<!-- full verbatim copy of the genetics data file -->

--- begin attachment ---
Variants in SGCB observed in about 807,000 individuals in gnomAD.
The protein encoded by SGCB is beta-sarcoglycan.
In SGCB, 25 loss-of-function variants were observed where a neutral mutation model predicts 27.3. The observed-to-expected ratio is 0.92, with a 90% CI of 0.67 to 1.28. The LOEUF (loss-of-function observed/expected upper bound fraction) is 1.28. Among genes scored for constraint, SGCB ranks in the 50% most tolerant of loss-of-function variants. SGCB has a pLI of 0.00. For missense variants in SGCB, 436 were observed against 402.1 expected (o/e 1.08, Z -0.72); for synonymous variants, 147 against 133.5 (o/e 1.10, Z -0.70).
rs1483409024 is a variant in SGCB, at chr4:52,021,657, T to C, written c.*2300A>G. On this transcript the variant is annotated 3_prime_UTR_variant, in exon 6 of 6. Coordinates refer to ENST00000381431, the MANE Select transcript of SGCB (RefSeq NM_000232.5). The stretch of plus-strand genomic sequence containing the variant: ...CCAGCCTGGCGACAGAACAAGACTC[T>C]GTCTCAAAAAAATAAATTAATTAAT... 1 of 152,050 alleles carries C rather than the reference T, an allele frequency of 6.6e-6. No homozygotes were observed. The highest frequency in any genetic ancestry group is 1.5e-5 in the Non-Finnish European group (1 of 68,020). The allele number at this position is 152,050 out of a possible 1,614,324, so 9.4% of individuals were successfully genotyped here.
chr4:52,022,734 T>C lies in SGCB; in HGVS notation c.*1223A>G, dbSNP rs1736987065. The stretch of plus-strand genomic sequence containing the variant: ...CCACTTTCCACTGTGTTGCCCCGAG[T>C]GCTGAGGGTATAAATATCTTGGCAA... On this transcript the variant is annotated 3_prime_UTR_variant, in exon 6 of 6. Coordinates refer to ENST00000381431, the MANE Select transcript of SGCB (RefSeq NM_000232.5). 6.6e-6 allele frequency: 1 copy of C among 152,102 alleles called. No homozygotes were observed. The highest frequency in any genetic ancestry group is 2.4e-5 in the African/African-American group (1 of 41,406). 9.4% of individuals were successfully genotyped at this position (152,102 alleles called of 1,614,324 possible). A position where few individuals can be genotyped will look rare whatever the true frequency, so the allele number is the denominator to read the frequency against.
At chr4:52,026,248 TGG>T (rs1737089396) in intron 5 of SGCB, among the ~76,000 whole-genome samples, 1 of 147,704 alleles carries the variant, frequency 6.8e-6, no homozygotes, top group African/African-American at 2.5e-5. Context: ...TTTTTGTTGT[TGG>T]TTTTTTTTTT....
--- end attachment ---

Variants in SGCB observed in about 807,000 individuals in gnomAD.
The protein encoded by SGCB is beta-sarcoglycan.
In SGCB, 25 loss-of-function variants were observed where a neutral mutation model predicts 27.3. The observed-to-expected ratio is 0.92, with a 90% CI of 0.67 to 1.28. The LOEUF (loss-of-function observed/expected upper bound fraction) is 1.28. Among genes scored for constraint, SGCB ranks in the 50% most tolerant of loss-of-function variants. SGCB has a pLI of 0.00. For missense variants in SGCB, 436 were observed against 402.1 expected (o/e 1.08, Z -0.72); for synonymous variants, 147 against 133.5 (o/e 1.10, Z -0.70).
rs1483409024 is a variant in SGCB, at chr4:52,021,657, T to C, written c.*2300A>G. On this transcript the variant is annotated 3_prime_UTR_variant, in exon 6 of 6. Coordinates refer to ENST00000381431, the MANE Select transcript of SGCB (RefSeq NM_000232.5). The stretch of plus-strand genomic sequence containing the variant: ...CCAGCCTGGCGACAGAACAAGACTC[T>C]GTCTCAAAAAAATAAATTAATTAAT... 1 of 152,050 alleles carries C rather than the reference T, an allele frequency of 6.6e-6. No homozygotes were observed. The highest frequency in any genetic ancestry group is 1.5e-5 in the Non-Finnish European group (1 of 68,020). The allele number at this position is 152,050 out of a possible 1,614,324, so 9.4% of individuals were successfully genotyped here.
chr4:52,022,734 T>C lies in SGCB; in HGVS notation c.*1223A>G, dbSNP rs1736987065. The stretch of plus-strand genomic sequence containing the variant: ...CCACTTTCCACTGTGTTGCCCCGAG[T>C]GCTGAGGGTATAAATATCTTGGCAA... On this transcript the variant is annotated 3_prime_UTR_variant, in exon 6 of 6. Coordinates refer to ENST00000381431, the MANE Select transcript of SGCB (RefSeq NM_000232.5). 6.6e-6 allele frequency: 1 copy of C among 152,102 alleles called. No homozygotes were observed. The highest frequency in any genetic ancestry group is 2.4e-5 in the African/African-American group (1 of 41,406). 9.4% of individuals were successfully genotyped at this position (152,102 alleles called of 1,614,324 possible). A position where few individuals can be genotyped will look rare whatever the true frequency, so the allele number is the denominator to read the frequency against.
At chr4:52,026,248 TGG>T (rs1737089396) in intron 5 of SGCB, among the ~76,000 whole-genome samples, 1 of 147,704 alleles carries the variant, frequency 6.8e-6, no homozygotes, top group African/African-American at 2.5e-5. Context: ...TTTTTGTTGT[TGG>T]TTTTTTTTTT....